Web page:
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Thread: Video Camera with these Function?

  1. Question Video Camera with these Function?

    I'm about to buy my first video camera. I'm looking for certain functionality which I'll list. I'm wondering if you know fo a reasonably priced camera with these features.

    Manual Focus
    External Mic Input
    More Optical Zoom over Digital Zoom

    These are the features I know I want, there are a few other things I might not know I need till I get working with shooting video, for now I'm wondering what kinda suggestions you might make, thanks for taking the time to read this thread.

  2. #2

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    Hmmm....
    You can get some nice pal DV cameras with XLR mic inputs, Manual controls including focus ring, with a healthy optical zoom.

    Would you consider a DV tape camera?

  3. Default

    Quote Originally Posted by Bpotter908 View Post
    Would you consider a DV tape camera?
    I would consider anything at a nice price with the functionality I'm looking for, with DV's being mentioned and I am new to buying these types of products - can I shoot 1080p - 60fps or 24fps with this format and how easy is it to get content from the DV to a Mac?

    If those things are all possible I would have no problem buying a DV Camera unless someone suggests some Cons as to my not...

  4. #4

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    It all depends on your budget.

    You can get a pretty "pro" camera with all the manual features and great items "but" it will be in standard 16:9 widescreen DVD standard, This is DV.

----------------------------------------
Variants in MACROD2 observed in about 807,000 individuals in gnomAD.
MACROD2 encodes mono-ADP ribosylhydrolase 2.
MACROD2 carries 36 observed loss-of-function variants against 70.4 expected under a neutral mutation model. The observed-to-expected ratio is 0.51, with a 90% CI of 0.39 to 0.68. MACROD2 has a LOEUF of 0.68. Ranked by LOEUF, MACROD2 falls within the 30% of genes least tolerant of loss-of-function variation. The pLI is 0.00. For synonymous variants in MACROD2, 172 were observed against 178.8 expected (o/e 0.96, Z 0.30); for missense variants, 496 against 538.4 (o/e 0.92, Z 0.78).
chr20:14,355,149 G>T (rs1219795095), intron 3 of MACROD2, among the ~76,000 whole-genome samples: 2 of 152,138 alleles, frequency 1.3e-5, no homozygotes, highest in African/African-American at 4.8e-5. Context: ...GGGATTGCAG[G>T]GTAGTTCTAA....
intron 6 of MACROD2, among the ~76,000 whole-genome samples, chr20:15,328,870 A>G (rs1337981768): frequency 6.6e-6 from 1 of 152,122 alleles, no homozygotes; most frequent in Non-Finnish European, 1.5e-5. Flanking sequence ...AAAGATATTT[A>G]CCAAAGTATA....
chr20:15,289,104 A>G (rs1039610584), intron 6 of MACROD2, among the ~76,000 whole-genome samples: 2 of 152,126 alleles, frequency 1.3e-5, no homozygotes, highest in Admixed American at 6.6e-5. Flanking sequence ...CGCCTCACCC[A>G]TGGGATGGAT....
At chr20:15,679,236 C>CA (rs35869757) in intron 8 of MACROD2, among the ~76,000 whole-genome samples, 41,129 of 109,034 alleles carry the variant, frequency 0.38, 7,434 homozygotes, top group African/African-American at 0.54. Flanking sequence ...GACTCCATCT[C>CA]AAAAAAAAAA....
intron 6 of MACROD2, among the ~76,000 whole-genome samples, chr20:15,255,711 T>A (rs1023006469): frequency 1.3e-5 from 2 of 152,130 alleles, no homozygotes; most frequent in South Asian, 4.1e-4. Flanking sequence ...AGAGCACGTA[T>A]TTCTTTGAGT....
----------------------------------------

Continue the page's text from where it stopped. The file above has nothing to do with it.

HDV allows you to shoot in 1080p but the cost for such devices goes up and up.
    HDV - Wikipedia, the free encyclopedia

    Now, Why do you need/want 1080P? Unless your producing blu-ray disks, You won't be able to take advantage of it on a DVD, and if it's for web upload, What content are you going to be producing that needs that resolution?

    Personally, I'd suggest that you spend 400 on a very good Pal DV SD Camera, with manual controls and all the bells and whistles for you to "learn" how to be a cam OP proper.

  5. Default

    Quote Originally Posted by Bpotter908 View Post
    Why do you need/want 1080P? Unless your producing blu-ray disks, You won't be able to take advantage of it on a DVD, and if it's for web upload, What content are you going to be producing that needs that resolution?
    I agree with you, I feel if I'm going to be sinking 400+ I am kinda try to future proof in case I really get into it and want to produce higher quality video for showing online.

    DVD is 720p - right?

    If I can get 24fps and or 60fps with 720p then I guess that's enough quality I would need even if I start shooting more and more footage.